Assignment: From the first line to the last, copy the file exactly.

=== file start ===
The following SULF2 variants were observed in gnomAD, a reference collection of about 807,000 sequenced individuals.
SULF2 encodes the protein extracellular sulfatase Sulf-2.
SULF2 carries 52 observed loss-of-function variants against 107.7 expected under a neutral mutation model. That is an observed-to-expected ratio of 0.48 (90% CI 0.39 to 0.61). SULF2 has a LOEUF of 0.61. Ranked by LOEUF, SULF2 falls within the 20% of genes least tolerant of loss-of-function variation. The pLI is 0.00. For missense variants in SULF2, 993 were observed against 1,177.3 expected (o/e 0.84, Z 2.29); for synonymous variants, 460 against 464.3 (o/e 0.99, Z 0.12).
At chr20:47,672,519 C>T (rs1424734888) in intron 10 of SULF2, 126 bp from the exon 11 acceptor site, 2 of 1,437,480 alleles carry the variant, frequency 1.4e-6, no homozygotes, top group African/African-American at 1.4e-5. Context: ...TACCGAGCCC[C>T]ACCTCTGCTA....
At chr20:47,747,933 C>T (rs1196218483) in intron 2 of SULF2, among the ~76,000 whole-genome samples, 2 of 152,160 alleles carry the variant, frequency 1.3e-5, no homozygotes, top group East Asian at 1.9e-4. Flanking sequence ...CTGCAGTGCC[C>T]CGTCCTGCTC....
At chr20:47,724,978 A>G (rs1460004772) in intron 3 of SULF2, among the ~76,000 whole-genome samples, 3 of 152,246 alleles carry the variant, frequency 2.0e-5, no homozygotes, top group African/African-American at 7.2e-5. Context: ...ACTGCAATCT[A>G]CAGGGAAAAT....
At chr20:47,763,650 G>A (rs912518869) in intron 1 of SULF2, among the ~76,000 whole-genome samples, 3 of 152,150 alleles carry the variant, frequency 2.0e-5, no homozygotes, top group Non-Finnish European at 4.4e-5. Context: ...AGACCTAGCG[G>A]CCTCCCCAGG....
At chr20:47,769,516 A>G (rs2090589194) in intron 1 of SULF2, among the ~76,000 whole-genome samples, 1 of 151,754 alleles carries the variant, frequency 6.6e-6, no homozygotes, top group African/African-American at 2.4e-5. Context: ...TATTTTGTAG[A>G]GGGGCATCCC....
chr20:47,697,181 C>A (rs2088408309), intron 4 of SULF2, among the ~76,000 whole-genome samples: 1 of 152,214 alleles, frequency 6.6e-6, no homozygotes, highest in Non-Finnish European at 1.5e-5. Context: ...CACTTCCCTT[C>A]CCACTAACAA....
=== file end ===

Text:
The following SULF2 variants were observed in gnomAD, a reference collection of about 807,000 sequenced individuals.
SULF2 encodes the protein extracellular sulfatase Sulf-2.
SULF2 carries 52 observed loss-of-function variants against 107.7 expected under a neutral mutation model. That is an observed-to-expected ratio of 0.48 (90% CI 0.39 to 0.61). SULF2 has a LOEUF of 0.61. Ranked by LOEUF, SULF2 falls within the 20% of genes least tolerant of loss-of-function variation. The pLI is 0.00. For missense variants in SULF2, 993 were observed against 1,177.3 expected (o/e 0.84, Z 2.29); for synonymous variants, 460 against 464.3 (o/e 0.99, Z 0.12).
At chr20:47,672,519 C>T (rs1424734888) in intron 10 of SULF2, 126 bp from the exon 11 acceptor site, 2 of 1,437,480 alleles carry the variant, frequency 1.4e-6, no homozygotes, top group African/African-American at 1.4e-5. Context: ...TACCGAGCCC[C>T]ACCTCTGCTA....
At chr20:47,747,933 C>T (rs1196218483) in intron 2 of SULF2, among the ~76,000 whole-genome samples, 2 of 152,160 alleles carry the variant, frequency 1.3e-5, no homozygotes, top group East Asian at 1.9e-4. Flanking sequence ...CTGCAGTGCC[C>T]CGTCCTGCTC....
At chr20:47,724,978 A>G (rs1460004772) in intron 3 of SULF2, among the ~76,000 whole-genome samples, 3 of 152,246 alleles carry the variant, frequency 2.0e-5, no homozygotes, top group African/African-American at 7.2e-5. Context: ...ACTGCAATCT[A>G]CAGGGAAAAT....
At chr20:47,763,650 G>A (rs912518869) in intron 1 of SULF2, among the ~76,000 whole-genome samples, 3 of 152,150 alleles carry the variant, frequency 2.0e-5, no homozygotes, top group Non-Finnish European at 4.4e-5. Context: ...AGACCTAGCG[G>A]CCTCCCCAGG....
At chr20:47,769,516 A>G (rs2090589194) in intron 1 of SULF2, among the ~76,000 whole-genome samples, 1 of 151,754 alleles carries the variant, frequency 6.6e-6, no homozygotes, top group African/African-American at 2.4e-5. Context: ...TATTTTGTAG[A>G]GGGGCATCCC....
chr20:47,697,181 C>A (rs2088408309), intron 4 of SULF2, among the ~76,000 whole-genome samples: 1 of 152,214 alleles, frequency 6.6e-6, no homozygotes, highest in Non-Finnish European at 1.5e-5. Context: ...CACTTCCCTT[C>A]CCACTAACAA....